Kaldra Compleat definitely feels like a Vintage Cube staple as a companion to Stoneforge Mystic, so it’s good to have that one back. I also generally like just having all of the Talismans, especially if Paradoxical Outcome must stay in the Cube for whatever reason. Relic of Progenitus gets on base, and Syr Ginger is a generally playable two-drop.

The one card that is a little weird to me making its way in is Kozilek, Butcher of Truth. It’s not best-in-class at anything that it does, and suffers more from not being an artifact than Wurmcoil Engine or Sundering Titan do to the signs of age that they are showing. Having anti-Brain Freeze tech is a flimsy justification for the slot, especially in an update that removed Ranger-Captain of Eos.

Generally speaking, the extra Talisman and Relic of Progenitus are great pickups for the artifact decks, which were already the big winner of the last update. I’m as high on Tolarian Academy as I’ve ever been, though I have found Talismans have felt much weaker in decks that aren’t pushing artifact synergies due to the strength of the average two- and three-drop being way up, as well as the presence of cards like Nature’s Claim and now Manglehorn making them something of a liability.



Mishra's Factory


City of Traitors Yavimaya, Cradle of Growth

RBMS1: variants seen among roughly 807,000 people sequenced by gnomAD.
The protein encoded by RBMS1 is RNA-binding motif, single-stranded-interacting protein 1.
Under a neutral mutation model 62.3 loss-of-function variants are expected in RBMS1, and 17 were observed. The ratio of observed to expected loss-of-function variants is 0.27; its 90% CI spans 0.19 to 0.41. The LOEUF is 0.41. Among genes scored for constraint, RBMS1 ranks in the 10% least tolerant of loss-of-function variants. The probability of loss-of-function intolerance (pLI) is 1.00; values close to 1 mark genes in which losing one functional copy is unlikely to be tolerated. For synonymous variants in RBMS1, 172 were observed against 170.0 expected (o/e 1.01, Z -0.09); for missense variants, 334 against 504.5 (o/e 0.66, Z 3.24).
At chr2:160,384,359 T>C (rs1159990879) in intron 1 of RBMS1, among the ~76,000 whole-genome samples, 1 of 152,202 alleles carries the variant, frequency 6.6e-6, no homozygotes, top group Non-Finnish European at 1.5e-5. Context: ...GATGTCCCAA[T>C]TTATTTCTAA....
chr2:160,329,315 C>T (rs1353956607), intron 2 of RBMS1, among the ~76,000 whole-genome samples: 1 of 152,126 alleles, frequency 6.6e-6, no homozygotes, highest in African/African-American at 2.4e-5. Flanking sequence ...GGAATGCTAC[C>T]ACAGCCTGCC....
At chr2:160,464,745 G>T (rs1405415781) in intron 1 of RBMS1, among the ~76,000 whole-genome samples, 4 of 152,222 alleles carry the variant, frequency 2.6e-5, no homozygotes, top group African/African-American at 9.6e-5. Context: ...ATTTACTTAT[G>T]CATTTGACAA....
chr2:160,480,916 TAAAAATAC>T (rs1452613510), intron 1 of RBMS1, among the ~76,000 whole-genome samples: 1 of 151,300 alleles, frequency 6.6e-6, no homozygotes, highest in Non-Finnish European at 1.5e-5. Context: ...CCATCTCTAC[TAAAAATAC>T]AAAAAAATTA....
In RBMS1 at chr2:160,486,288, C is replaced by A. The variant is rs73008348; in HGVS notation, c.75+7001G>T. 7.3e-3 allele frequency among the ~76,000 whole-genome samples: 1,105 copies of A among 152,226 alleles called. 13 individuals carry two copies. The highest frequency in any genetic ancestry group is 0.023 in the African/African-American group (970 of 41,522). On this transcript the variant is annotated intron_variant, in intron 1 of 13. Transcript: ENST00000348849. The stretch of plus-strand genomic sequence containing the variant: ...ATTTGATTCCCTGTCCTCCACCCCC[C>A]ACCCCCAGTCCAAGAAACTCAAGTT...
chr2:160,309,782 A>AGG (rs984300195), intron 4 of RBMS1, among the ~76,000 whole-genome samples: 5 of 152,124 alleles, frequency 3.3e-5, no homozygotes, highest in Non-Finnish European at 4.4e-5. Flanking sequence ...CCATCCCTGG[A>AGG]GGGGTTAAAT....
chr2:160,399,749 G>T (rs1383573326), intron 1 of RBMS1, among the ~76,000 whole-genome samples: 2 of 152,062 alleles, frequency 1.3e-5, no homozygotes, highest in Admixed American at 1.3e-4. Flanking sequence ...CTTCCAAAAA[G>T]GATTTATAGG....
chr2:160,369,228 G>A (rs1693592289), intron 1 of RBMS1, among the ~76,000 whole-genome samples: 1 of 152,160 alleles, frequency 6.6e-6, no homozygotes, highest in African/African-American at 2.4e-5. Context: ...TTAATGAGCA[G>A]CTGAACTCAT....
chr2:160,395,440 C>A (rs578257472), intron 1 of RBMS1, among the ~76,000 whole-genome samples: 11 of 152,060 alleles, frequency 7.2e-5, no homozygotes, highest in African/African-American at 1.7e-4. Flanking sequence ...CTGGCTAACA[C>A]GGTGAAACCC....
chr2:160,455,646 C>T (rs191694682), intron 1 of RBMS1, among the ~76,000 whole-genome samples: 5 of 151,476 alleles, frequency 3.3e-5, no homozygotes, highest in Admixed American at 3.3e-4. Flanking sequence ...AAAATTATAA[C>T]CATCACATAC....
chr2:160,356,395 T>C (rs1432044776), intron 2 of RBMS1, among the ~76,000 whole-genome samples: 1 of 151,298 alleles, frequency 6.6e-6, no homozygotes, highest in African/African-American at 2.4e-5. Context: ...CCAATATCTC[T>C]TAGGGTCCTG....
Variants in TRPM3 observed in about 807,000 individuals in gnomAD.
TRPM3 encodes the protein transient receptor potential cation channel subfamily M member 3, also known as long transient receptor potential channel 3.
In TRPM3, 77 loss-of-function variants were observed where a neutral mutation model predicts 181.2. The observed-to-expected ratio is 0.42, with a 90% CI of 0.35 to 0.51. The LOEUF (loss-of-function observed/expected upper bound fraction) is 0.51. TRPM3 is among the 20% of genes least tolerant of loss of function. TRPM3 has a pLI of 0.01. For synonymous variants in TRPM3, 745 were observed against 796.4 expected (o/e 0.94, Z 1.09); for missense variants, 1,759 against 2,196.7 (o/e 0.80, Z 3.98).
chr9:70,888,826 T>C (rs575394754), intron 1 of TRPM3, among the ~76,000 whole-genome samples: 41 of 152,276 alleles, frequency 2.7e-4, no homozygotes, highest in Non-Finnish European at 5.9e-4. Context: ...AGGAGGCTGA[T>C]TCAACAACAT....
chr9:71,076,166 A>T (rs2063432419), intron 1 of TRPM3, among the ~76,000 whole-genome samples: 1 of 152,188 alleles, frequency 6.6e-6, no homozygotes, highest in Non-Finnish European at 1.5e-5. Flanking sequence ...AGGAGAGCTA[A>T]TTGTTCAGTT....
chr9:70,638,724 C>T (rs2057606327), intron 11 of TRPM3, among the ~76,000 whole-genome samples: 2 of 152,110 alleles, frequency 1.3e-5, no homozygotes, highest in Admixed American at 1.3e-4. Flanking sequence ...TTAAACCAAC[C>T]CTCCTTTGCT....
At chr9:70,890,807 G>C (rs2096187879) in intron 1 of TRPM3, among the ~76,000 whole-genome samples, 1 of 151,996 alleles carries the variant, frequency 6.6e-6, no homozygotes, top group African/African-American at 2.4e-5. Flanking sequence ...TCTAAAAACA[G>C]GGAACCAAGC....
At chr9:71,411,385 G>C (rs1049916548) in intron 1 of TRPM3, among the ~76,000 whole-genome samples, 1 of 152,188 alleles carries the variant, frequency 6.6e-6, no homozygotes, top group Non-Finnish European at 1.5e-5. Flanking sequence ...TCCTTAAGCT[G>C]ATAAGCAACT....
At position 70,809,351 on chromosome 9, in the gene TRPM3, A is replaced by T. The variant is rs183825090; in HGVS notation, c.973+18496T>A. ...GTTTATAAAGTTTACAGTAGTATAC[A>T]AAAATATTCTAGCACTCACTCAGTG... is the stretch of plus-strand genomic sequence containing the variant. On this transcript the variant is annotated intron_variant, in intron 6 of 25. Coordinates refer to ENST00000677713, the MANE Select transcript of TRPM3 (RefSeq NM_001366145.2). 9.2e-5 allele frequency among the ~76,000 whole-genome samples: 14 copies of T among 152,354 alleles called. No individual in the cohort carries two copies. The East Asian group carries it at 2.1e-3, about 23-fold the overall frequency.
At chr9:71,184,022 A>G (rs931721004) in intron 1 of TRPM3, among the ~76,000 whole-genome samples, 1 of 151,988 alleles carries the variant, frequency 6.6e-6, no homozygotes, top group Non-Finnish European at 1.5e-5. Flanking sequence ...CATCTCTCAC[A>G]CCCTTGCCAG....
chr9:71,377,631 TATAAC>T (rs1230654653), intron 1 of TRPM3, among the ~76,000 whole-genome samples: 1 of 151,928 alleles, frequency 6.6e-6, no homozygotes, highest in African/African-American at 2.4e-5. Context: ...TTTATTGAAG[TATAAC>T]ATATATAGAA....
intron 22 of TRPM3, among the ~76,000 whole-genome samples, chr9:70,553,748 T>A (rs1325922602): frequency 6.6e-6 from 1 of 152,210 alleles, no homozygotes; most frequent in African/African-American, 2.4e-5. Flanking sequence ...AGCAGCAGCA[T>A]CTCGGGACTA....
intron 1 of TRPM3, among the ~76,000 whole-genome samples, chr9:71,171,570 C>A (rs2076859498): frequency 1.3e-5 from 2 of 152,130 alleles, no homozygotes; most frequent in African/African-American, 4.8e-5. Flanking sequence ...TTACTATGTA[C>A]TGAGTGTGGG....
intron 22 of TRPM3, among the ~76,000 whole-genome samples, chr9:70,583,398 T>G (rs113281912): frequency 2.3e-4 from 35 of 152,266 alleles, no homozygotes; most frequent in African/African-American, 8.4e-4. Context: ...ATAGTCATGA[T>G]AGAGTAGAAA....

City of Traitors should never have been cut, though it’s very odd to me both abstractly to cut Mishra’s Factory and to specifically cut it over Mutavault. There was an argument for Mutavault if Najeela stuck around, but being an artifact and a better blocker tends to matter more than being every creature type in Vintage Cube. Losing out on a colorless land is one of a number of strikes against mono-color aggro decks, though that’s nothing new with the rest of the update. The days of Boros over mono-white or red are and have been upon us.

The writeup regarding this update cited that seven consecutive weeks of some form of Vintage Cube was likely too much, and that doing five weeks without an update definitely was. I do like leaving the door open to updates, though I’m not sure that I agree that the runtime was much of an issue. The more that the Cube is peppered with delightful cards that go in a range of decks that offer players aspirational pursuits, the longer players will happily continue playing with the same list.

The Mana Tithes, the Mind’s Desires, the Birgis – they’ll keep players coming back. The stakes of MTGO Vintage Cube Drafts aren’t high enough for most of us to get heavily invested in nickel-and-diming opponents with Cut Downs, but firing up a queue to figure out what we can get up to with a Roaming Throne will surely keep us invested. I’m hopeful to see future updates reflect more of a “dream big” philosophy.